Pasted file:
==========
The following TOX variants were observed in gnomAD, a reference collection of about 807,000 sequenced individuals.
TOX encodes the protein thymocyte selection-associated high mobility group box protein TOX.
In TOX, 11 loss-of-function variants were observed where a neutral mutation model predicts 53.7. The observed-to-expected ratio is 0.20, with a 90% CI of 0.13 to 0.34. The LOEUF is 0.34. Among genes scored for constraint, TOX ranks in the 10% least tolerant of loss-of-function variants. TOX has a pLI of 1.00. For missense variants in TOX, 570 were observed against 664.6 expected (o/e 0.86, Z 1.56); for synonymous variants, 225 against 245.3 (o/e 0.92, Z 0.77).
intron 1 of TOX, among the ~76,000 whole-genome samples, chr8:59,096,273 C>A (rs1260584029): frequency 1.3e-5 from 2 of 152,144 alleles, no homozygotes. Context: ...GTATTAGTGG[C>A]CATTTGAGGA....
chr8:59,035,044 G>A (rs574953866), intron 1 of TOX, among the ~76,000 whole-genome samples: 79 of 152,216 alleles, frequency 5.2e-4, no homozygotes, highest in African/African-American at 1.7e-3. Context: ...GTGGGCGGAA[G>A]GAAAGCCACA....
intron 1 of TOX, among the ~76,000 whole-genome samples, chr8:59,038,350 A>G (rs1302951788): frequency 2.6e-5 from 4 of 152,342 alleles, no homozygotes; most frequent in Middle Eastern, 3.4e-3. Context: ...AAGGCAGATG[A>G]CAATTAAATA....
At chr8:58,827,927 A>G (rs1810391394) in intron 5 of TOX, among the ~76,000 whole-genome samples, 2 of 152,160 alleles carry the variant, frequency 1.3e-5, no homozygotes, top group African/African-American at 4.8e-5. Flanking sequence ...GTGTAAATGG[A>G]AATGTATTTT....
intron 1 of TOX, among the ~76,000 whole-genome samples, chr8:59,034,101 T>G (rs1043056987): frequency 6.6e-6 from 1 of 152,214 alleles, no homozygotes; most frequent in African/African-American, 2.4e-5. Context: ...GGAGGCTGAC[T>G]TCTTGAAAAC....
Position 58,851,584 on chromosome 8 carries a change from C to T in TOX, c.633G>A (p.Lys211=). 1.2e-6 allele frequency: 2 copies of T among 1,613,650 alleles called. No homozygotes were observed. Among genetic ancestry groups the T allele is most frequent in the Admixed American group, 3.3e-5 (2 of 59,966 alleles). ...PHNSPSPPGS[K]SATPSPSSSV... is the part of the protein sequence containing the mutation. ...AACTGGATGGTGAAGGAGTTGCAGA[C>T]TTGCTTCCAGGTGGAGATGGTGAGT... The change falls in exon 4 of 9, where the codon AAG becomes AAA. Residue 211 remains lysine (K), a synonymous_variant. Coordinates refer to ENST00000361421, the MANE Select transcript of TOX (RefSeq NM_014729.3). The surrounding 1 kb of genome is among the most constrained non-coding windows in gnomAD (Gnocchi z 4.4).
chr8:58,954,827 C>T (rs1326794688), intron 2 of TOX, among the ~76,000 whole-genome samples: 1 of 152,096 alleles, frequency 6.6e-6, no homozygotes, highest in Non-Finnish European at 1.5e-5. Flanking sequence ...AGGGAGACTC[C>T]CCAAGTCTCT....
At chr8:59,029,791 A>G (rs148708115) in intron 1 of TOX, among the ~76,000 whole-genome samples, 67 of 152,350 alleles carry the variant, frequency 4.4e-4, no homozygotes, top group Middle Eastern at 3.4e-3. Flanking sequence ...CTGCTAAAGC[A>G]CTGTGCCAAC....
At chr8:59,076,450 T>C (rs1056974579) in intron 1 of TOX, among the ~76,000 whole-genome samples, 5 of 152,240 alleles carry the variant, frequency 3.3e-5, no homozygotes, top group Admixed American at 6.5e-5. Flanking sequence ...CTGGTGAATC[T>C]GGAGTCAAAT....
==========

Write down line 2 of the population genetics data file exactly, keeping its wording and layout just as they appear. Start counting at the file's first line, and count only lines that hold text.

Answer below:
TOX encodes the protein thymocyte selection-associated high mobility group box protein TOX.